(Mr McIldoon)  As it happens, if you look at the MMC's record of second guessing regulators and second guessing, as it were, actual outcomes, the MMC has probably been wrong on every occasion and regulators right on every occasion. I think it is simply a question of gullibility and one of the tragedies I think in terms of public administration of having privatised monopolies is that the people who run those companies have actually an incentive to tell lies. It is difficult for people in our public administration tradition to cope with that because it is an honest public administration tradition and you cannot tell a lie in a competitive environment because the market finds you out. There is not much point in telling a lie in the public sector anyway because you do not make any money out of it. So we have this very unique piece of relatively new landscape where you have somebody who has a monopoly but is owned in the private sector and if they can pull the wool over somebody's eyes for five years they get away with it. The MMC is much less exposed to any individual company than the regulator who is dealing with it. Now, as it happens, if you look at what the MMC was prepared to allow them and what I was prepared to allow them in both Capex and Opex, in both cases—and certainly in the first year of the price control—the outcome was that I was right and the MMC was wrong. The MMC allowed them £67.4 million of operating expenditure in 1997/1998. NIE actually spent £64 million. I would have allowed them £63.9 million, so I was within £100,000 and they were £3.5 million out. If you look at Capex, MMC allowed them £70 million, they spent £57.96 million. I think I would have allowed them £60 million. So the notion that MMC has any greater expertise is, I think, totally erroneous, but in any case it takes us a long way from the storm and the aftermath. It is back to muddying the waters by saying that it is lack of Capex which caused the problem and, as I say, sometimes they duck into that argument and sometimes they duck out of it and there is no rational thread running between all these different assertions.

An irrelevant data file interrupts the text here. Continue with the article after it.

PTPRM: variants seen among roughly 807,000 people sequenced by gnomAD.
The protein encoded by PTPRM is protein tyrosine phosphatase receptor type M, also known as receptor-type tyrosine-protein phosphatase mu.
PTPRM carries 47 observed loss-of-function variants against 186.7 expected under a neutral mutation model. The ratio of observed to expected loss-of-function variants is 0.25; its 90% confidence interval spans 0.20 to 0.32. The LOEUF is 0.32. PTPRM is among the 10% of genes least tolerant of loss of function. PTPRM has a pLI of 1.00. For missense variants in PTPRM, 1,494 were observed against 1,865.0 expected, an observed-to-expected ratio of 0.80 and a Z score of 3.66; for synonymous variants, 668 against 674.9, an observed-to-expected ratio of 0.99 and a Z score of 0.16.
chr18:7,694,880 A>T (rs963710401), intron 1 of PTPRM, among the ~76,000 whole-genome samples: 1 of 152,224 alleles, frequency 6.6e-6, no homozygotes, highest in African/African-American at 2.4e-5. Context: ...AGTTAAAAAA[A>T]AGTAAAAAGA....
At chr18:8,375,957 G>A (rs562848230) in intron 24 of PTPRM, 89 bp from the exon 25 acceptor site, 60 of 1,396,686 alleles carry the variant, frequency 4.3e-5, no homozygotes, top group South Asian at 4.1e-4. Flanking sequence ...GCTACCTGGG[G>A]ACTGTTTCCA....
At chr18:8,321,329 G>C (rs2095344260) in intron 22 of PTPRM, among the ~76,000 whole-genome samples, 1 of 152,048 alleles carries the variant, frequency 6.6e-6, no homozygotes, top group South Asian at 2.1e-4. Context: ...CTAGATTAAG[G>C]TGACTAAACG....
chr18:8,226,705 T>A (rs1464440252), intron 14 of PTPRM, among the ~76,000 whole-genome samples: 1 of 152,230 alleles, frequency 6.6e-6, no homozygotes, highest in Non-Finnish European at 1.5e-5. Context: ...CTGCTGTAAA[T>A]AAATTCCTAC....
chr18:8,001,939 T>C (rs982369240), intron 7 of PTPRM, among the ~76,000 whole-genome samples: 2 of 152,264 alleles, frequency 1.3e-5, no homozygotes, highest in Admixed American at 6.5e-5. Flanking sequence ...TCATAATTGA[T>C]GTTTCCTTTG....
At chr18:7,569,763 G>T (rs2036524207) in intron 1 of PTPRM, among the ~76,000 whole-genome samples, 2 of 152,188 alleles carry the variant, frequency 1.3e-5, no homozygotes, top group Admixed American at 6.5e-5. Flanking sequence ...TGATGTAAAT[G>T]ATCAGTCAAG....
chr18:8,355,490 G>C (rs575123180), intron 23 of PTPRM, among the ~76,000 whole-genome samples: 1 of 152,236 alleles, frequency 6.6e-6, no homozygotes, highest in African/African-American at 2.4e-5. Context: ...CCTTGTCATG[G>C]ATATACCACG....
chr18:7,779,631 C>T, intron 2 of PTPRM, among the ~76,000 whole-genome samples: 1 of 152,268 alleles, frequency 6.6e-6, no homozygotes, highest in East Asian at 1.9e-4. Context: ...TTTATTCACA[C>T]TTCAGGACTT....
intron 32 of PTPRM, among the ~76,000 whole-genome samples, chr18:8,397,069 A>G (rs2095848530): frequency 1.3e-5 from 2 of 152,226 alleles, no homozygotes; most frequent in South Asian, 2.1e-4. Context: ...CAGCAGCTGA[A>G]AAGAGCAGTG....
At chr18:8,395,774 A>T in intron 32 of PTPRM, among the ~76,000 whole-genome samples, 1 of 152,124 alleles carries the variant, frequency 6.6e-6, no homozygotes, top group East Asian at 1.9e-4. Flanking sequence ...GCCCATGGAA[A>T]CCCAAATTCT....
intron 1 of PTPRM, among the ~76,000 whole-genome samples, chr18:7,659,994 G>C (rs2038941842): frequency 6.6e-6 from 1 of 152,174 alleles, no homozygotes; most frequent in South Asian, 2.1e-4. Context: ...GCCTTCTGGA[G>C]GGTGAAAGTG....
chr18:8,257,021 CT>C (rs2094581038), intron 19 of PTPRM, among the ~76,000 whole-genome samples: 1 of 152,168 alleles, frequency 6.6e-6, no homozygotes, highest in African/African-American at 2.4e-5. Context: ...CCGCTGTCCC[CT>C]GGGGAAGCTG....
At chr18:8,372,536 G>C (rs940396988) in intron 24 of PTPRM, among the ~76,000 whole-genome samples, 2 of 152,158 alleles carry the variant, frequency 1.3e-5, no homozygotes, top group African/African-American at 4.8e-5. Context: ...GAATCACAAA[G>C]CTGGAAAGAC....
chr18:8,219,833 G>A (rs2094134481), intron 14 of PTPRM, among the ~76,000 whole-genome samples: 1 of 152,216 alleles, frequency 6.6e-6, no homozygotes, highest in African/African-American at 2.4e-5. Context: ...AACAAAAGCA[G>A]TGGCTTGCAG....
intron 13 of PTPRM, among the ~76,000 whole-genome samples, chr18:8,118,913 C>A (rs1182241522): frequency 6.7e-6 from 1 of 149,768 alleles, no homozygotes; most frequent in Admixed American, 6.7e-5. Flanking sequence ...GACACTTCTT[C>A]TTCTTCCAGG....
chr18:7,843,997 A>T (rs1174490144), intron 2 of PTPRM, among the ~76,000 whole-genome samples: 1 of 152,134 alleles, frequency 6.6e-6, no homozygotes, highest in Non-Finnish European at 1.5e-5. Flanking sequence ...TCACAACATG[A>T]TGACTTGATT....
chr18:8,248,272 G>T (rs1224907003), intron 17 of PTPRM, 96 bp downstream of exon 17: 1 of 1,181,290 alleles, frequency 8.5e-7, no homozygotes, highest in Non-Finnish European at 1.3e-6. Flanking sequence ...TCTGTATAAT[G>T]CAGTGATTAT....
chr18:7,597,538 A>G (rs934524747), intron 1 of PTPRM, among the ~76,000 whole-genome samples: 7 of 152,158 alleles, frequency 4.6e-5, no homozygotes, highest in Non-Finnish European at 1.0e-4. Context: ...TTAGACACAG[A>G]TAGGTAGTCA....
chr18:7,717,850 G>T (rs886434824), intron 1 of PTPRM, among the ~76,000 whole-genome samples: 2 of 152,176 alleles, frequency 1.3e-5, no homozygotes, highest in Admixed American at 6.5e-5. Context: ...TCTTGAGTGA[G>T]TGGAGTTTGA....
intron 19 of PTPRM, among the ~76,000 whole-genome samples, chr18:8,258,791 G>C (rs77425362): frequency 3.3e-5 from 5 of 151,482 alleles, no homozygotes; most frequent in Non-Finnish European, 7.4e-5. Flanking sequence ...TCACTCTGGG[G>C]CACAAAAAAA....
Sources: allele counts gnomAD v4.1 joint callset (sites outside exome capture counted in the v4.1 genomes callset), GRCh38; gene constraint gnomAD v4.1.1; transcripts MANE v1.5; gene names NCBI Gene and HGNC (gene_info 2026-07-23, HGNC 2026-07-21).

116.  Certainly one of the things they were worried about was the timescale for capital. They might actually have an underspend but have clear projects for that money but may just not have been able to bring the contractors and so on on line in time to be able to use it, so that they might justify the £70 million in the end on the basis that external influences have prevented them spending it where they would have spent it if they could. I guess there is that kind of line, and if there is then a regulated environment they might say that hence they cannot project to have plans which are as ambitious as would be in some ways appropriate, but I think this is——